If we want to say we are spiritual people, we have to say that we have to believe the God is concerned with our fleshly needs and we're not going to compromise to have our own needs and desires met. We're not going to be an individual who lives for our own comfort or exaltation. We will not be people who think we should not bear a cross. God's anointed people are always servants, and it ought to mark us as a body.

Finally, spiritual-directed people are folks who proclaim the good news of the kingdom of God. No matter what else you want to say about us, if we're not about that, then we cannot say we are people who are directed by God's Spirit. It's our privilege. It's what John did. It's what Jesus did. It's what spiritually gifted, directed people always do.

Well, ask yourself: How are you doing as that person? How are we as people who say we want to walk in the way of Christ and be anointed and directed by his Spirit, just as all believers in Christ are? Are those characteristics true of our life? I think, when they are, and as we grow in our effort and not being perfect (if we were perfect we wouldn't need a Savior) but the direction of our life is in accordance with these things as we trust in him and not look to ourselves, we'll be individuals who will provide the world hope, which is what God intends for us to do.

This is the mystery, he says, of the church; Christ in you, the Spirit of God in you. It's the hope of his glory. See, Jesus has ascended. He sits at the right hand of God the Father, and he sent the Spirit that we might have power to be his witnesses to testify to the fact that there is a God who has rent the heavens who concerns himself with lost folks and to glorify his name, that he is loving and that he is just.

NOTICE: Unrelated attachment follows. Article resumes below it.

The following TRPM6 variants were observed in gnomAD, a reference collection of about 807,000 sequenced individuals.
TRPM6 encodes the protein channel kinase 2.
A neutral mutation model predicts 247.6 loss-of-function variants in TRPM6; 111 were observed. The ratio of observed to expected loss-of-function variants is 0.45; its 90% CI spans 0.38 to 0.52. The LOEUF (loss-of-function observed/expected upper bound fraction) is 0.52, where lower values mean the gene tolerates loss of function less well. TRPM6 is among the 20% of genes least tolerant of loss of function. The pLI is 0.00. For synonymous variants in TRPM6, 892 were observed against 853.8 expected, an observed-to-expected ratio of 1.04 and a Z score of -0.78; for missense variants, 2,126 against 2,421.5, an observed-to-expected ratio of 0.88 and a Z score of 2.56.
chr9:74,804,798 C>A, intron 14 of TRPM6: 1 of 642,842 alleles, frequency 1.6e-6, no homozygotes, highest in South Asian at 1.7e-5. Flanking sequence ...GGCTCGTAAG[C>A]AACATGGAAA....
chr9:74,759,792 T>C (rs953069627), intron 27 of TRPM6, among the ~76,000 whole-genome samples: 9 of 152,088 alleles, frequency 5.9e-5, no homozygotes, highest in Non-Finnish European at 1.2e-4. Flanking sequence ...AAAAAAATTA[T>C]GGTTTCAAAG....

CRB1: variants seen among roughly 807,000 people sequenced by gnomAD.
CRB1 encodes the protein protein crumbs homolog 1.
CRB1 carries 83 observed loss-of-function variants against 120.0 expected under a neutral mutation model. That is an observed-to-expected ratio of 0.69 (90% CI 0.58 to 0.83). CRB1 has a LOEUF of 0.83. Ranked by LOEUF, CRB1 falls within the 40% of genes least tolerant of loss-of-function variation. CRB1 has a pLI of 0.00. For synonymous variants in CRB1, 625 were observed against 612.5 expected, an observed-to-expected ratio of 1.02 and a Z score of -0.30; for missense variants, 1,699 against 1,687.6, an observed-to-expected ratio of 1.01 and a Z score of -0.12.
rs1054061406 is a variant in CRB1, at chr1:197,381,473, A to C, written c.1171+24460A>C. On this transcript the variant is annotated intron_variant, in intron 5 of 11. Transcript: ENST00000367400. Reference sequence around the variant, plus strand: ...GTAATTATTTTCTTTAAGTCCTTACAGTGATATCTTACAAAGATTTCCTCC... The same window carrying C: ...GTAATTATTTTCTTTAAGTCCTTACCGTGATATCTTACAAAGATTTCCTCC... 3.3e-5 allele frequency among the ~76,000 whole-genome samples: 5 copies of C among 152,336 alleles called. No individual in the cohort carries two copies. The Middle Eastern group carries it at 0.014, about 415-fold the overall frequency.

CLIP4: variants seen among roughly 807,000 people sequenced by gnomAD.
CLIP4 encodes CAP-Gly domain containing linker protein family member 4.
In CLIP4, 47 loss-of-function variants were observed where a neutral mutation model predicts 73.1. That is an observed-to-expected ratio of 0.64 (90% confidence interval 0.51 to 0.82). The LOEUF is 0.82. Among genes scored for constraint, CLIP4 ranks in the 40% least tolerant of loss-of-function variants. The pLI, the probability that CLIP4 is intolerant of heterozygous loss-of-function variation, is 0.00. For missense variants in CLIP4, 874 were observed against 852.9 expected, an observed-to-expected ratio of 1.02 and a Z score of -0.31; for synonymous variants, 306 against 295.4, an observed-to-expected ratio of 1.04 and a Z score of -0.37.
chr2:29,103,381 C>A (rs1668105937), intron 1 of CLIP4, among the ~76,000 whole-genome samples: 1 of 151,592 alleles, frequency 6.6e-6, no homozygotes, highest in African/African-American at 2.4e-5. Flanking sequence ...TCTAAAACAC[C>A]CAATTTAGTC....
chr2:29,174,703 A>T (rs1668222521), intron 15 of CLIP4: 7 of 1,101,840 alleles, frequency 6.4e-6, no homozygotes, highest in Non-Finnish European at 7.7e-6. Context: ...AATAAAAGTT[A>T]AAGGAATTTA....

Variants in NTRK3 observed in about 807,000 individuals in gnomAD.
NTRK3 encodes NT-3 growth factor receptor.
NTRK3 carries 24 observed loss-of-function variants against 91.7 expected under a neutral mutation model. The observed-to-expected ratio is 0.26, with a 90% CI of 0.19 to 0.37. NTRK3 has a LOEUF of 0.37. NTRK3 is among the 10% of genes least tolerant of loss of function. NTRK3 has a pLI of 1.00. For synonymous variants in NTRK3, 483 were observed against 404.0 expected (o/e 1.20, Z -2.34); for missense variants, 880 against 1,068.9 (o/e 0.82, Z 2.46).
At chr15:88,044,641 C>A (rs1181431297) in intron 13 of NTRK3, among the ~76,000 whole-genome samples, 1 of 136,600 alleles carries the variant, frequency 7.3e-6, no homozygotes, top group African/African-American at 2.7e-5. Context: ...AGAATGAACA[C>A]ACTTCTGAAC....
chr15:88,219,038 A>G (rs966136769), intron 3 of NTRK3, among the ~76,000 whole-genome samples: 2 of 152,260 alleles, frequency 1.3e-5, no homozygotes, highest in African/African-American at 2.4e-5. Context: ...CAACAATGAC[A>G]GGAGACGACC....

He is loving in that he cares for us, and he is just in that he deals with sin. He has dealt with our sin as a people who fall at his feet by pouring out his wrath on the cross, and he will deal with your sin, and you can either take the Savior Jesus, which is good news that the Great Servant is a great King who is aware of your great need and made great provision for you, or you can take his great wrath yourself.

Here's what I'd like you guys to do as we move forward in this book. Each time you read a little section of the book of Mark, stop and ask yourself, "What's this mean? What's the application for me?" Very quickly, I'll shoot them through. In the very first verse, it's a paragraph. It's a separate thought, and as I looked at it, I said, "Hey, because this book is the record of the good news of Jesus Christ who is the Son of God, I will diligently study this book to see what the good news is. That's the application that I get. This is the good news, the gospel of Jesus Christ, so I'm going to diligently study it to find out about this King."

The next little section of the Scripture comes right there in verses 2 through 8. It was the part we really studied last week about John the Baptist, and I said, "If even a prophet as great as John sees the need to remove himself from the way so that Jesus might be properly exalted, how much more might I need to decrease so that he would increase?" The next little section there in 9 through 11, I simply said this. "Even as Jesus was willing to identify himself with sinners by obediently being baptized, so I must be willing to identify with people who I intend to minister to."

If I'm going to really respond to Christ, I have to say, "I'm going to be your anointed one. I'm going to be one who can identify with the needs of my world, who can confess to them my struggles but tell them that I've found hope in this Savior who is Jesus. I'm going to know my neighbors. I'm going to love those folks at my office who are different and around me where I work. I'm going to identify with the needs of my world, and I'm going to speak hope into where they are."